In my (free, online) textbook Theoretical Evolutionary Genetics this is covered on page 7. Chapter II is devoted to the (many) equations for change of gene frequencies under natural selection. I hope that niwrad will taken a look at that chapter, and let us know whether it shows that the Hardy-Weinberg “equilibrium” is a force preventing response to natural selection.

This entry was posted in Uncategorized by Joe Felsenstein. Bookmark the permalink.

Been messing about with phylogenies, coalescents, theoretical population genetics, and stomping bad mathematical arguments by creationists for some years.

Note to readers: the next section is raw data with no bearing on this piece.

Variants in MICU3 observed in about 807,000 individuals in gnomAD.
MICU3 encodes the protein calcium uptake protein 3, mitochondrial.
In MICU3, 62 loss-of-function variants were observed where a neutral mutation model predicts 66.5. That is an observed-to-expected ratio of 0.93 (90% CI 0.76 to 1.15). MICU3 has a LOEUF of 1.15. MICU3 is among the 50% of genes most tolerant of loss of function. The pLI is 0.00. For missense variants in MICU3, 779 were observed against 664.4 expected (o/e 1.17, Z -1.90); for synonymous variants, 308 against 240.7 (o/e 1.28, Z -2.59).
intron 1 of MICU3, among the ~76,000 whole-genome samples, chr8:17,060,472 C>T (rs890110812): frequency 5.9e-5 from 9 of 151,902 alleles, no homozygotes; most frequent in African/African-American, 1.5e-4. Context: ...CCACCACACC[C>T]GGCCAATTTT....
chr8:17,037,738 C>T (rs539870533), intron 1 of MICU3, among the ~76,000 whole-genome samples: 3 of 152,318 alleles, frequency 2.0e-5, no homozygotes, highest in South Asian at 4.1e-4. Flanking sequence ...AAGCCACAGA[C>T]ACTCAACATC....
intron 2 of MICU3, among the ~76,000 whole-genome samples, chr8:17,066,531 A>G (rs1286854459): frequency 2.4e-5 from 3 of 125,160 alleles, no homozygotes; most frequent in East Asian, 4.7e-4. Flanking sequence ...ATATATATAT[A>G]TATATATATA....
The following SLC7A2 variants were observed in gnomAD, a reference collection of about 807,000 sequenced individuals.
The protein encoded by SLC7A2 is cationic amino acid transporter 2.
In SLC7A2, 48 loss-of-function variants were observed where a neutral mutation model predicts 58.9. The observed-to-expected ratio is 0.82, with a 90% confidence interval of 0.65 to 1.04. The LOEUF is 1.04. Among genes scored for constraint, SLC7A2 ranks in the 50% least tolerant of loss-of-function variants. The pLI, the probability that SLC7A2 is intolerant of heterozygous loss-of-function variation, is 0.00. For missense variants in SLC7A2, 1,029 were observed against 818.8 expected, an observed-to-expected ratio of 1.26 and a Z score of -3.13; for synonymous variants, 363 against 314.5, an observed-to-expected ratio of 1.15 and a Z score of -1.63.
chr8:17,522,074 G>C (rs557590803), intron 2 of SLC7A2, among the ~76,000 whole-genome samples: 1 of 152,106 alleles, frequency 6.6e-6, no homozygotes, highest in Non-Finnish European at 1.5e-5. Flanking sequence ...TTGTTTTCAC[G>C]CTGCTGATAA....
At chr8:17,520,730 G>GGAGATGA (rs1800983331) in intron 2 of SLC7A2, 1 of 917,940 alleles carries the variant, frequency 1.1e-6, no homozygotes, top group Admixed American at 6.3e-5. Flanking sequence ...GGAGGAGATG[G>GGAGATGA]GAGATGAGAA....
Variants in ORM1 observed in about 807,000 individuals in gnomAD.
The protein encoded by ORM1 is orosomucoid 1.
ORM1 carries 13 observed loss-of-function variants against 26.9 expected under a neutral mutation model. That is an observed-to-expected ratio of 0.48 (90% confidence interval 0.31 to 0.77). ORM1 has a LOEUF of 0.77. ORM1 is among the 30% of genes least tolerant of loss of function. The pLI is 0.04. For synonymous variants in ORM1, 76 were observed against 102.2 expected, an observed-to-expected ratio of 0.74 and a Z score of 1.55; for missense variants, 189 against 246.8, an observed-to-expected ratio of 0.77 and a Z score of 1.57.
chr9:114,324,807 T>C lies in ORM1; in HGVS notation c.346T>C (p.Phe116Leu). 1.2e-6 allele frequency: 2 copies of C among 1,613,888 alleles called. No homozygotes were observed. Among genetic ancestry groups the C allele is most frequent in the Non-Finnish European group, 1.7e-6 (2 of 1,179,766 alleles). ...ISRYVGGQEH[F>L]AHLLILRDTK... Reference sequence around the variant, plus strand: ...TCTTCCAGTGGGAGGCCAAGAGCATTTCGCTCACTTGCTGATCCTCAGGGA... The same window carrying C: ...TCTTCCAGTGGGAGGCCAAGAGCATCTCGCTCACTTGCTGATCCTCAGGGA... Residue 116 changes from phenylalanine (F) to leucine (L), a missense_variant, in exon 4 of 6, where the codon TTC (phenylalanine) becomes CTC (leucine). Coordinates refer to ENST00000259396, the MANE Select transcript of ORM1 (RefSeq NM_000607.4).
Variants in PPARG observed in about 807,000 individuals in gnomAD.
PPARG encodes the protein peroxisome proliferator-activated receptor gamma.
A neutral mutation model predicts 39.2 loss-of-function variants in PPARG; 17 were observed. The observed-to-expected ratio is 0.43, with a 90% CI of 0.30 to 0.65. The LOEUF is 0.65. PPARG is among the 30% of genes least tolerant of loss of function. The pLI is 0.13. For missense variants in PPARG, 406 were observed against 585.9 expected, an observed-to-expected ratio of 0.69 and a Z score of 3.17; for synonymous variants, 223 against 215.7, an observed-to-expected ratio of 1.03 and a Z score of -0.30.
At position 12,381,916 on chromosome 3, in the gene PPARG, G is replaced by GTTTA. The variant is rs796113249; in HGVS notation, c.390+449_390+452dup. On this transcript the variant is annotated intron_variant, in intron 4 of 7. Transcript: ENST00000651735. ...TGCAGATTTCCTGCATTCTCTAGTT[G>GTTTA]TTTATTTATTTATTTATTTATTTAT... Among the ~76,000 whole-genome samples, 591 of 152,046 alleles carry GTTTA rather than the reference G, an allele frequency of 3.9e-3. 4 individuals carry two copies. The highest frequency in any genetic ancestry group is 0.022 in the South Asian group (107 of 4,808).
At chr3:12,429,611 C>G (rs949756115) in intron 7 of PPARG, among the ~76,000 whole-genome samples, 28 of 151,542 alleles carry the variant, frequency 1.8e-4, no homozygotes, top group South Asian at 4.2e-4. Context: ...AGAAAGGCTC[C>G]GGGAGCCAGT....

## 19 thoughts on “Evolution disproven — by Hardy and Weinberg?”

1. Is it dumb to ask why it’s called gene frequency instead of allele frequency?

2. Not a dumb question at all. What it really is, is an allele frequency. Although sometimes called that, the term “gene frequency” became established years ago and can’t be dislodged.

The phrase “a gene” is itself ambiguous. Does “a gene” mean a particular copy, such as the copy of Hemoglobin Beta that I got from my mother? Or does it mean a particular allele, such as the normal allele of Hemoglobin Beta? Or does it mean a locus, such as the Hemoglobin Beta locus? (It means all of these, at different times).

3. On that thread at UD there are:

One from Joe who says “Mother Nature + Father Time + some unknown process = the diversity of life” but who fails to realize “some unknown process” is ID’s current claim.
Then Phinehas says “But how does one measure reproductive success?”. I wonder how many brothers and sisters he has.